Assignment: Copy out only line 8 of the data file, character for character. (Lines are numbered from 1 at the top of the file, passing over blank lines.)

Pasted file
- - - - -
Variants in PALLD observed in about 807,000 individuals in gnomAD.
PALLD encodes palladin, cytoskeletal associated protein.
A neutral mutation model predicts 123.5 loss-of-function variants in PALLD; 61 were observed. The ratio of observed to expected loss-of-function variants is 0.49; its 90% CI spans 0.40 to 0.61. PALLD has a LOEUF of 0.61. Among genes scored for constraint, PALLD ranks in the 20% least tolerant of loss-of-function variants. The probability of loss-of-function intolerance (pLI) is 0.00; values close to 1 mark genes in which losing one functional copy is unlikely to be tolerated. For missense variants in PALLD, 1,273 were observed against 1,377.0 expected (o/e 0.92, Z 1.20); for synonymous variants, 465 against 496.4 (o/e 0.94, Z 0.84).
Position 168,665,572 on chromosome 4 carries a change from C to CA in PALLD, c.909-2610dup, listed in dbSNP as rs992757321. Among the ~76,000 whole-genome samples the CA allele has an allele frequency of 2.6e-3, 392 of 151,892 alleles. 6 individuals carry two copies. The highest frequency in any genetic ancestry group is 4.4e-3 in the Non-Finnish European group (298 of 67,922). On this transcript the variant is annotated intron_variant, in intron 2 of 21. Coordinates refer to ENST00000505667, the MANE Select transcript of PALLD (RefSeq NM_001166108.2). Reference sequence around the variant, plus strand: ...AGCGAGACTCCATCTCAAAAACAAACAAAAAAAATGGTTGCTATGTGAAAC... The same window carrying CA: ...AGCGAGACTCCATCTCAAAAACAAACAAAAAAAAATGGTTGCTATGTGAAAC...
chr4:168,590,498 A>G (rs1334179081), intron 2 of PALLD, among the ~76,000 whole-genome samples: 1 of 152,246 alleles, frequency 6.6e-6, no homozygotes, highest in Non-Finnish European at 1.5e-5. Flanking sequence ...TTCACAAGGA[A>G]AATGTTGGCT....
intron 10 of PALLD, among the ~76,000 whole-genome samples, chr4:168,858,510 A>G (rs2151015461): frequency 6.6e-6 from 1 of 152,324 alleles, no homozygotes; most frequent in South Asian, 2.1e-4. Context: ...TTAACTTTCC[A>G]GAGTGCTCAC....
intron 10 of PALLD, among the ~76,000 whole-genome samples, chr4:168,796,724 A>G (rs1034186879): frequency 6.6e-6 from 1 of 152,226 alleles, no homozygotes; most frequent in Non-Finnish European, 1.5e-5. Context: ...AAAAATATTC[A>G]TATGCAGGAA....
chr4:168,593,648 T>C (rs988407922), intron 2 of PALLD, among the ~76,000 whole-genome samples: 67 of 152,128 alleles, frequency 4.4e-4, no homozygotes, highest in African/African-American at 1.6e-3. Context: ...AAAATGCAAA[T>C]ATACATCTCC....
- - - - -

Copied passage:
chr4:168,593,648 T>C (rs988407922), intron 2 of PALLD, among the ~76,000 whole-genome samples: 67 of 152,128 alleles, frequency 4.4e-4, no homozygotes, highest in African/African-American at 1.6e-3. Context: ...AAAATGCAAA[T>C]ATACATCTCC....